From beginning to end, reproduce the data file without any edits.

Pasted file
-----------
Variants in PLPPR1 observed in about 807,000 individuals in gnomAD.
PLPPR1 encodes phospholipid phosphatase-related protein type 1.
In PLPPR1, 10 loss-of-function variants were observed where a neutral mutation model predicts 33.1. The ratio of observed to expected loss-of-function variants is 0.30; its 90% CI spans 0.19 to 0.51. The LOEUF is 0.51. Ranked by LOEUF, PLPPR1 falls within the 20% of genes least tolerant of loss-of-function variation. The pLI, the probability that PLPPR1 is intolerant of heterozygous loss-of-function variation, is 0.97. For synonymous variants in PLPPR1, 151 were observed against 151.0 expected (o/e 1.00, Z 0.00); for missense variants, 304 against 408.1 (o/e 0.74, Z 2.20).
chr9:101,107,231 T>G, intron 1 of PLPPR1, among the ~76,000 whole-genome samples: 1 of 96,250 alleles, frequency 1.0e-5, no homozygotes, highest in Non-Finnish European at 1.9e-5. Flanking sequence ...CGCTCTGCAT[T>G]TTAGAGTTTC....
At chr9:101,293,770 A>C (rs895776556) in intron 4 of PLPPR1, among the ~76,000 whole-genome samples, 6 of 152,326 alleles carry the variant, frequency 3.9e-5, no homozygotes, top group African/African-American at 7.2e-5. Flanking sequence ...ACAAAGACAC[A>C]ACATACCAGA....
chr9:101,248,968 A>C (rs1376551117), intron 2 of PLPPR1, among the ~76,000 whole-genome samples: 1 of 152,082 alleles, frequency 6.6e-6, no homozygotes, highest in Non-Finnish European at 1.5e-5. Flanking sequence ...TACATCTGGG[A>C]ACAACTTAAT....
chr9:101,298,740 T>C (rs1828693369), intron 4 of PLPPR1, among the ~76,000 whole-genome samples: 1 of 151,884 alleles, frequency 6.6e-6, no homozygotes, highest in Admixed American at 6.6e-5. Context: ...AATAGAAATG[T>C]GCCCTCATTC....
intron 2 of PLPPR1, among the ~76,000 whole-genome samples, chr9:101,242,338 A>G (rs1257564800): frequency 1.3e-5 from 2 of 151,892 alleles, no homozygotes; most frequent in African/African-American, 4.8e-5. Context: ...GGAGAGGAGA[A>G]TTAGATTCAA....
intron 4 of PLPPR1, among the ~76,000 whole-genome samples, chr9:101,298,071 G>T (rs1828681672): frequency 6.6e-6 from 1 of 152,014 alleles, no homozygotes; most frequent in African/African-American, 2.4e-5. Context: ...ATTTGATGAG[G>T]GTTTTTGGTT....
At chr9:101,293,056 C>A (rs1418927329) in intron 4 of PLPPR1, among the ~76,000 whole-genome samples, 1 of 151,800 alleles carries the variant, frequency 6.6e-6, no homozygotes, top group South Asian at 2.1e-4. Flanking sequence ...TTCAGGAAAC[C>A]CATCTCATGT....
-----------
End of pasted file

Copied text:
Variants in PLPPR1 observed in about 807,000 individuals in gnomAD.
PLPPR1 encodes phospholipid phosphatase-related protein type 1.
In PLPPR1, 10 loss-of-function variants were observed where a neutral mutation model predicts 33.1. The ratio of observed to expected loss-of-function variants is 0.30; its 90% CI spans 0.19 to 0.51. The LOEUF is 0.51. Ranked by LOEUF, PLPPR1 falls within the 20% of genes least tolerant of loss-of-function variation. The pLI, the probability that PLPPR1 is intolerant of heterozygous loss-of-function variation, is 0.97. For synonymous variants in PLPPR1, 151 were observed against 151.0 expected (o/e 1.00, Z 0.00); for missense variants, 304 against 408.1 (o/e 0.74, Z 2.20).
chr9:101,107,231 T>G, intron 1 of PLPPR1, among the ~76,000 whole-genome samples: 1 of 96,250 alleles, frequency 1.0e-5, no homozygotes, highest in Non-Finnish European at 1.9e-5. Flanking sequence ...CGCTCTGCAT[T>G]TTAGAGTTTC....
At chr9:101,293,770 A>C (rs895776556) in intron 4 of PLPPR1, among the ~76,000 whole-genome samples, 6 of 152,326 alleles carry the variant, frequency 3.9e-5, no homozygotes, top group African/African-American at 7.2e-5. Flanking sequence ...ACAAAGACAC[A>C]ACATACCAGA....
chr9:101,248,968 A>C (rs1376551117), intron 2 of PLPPR1, among the ~76,000 whole-genome samples: 1 of 152,082 alleles, frequency 6.6e-6, no homozygotes, highest in Non-Finnish European at 1.5e-5. Flanking sequence ...TACATCTGGG[A>C]ACAACTTAAT....
chr9:101,298,740 T>C (rs1828693369), intron 4 of PLPPR1, among the ~76,000 whole-genome samples: 1 of 151,884 alleles, frequency 6.6e-6, no homozygotes, highest in Admixed American at 6.6e-5. Context: ...AATAGAAATG[T>C]GCCCTCATTC....
intron 2 of PLPPR1, among the ~76,000 whole-genome samples, chr9:101,242,338 A>G (rs1257564800): frequency 1.3e-5 from 2 of 151,892 alleles, no homozygotes; most frequent in African/African-American, 4.8e-5. Context: ...GGAGAGGAGA[A>G]TTAGATTCAA....
intron 4 of PLPPR1, among the ~76,000 whole-genome samples, chr9:101,298,071 G>T (rs1828681672): frequency 6.6e-6 from 1 of 152,014 alleles, no homozygotes; most frequent in African/African-American, 2.4e-5. Context: ...ATTTGATGAG[G>T]GTTTTTGGTT....
At chr9:101,293,056 C>A (rs1418927329) in intron 4 of PLPPR1, among the ~76,000 whole-genome samples, 1 of 151,800 alleles carries the variant, frequency 6.6e-6, no homozygotes, top group South Asian at 2.1e-4. Flanking sequence ...TTCAGGAAAC[C>A]CATCTCATGT....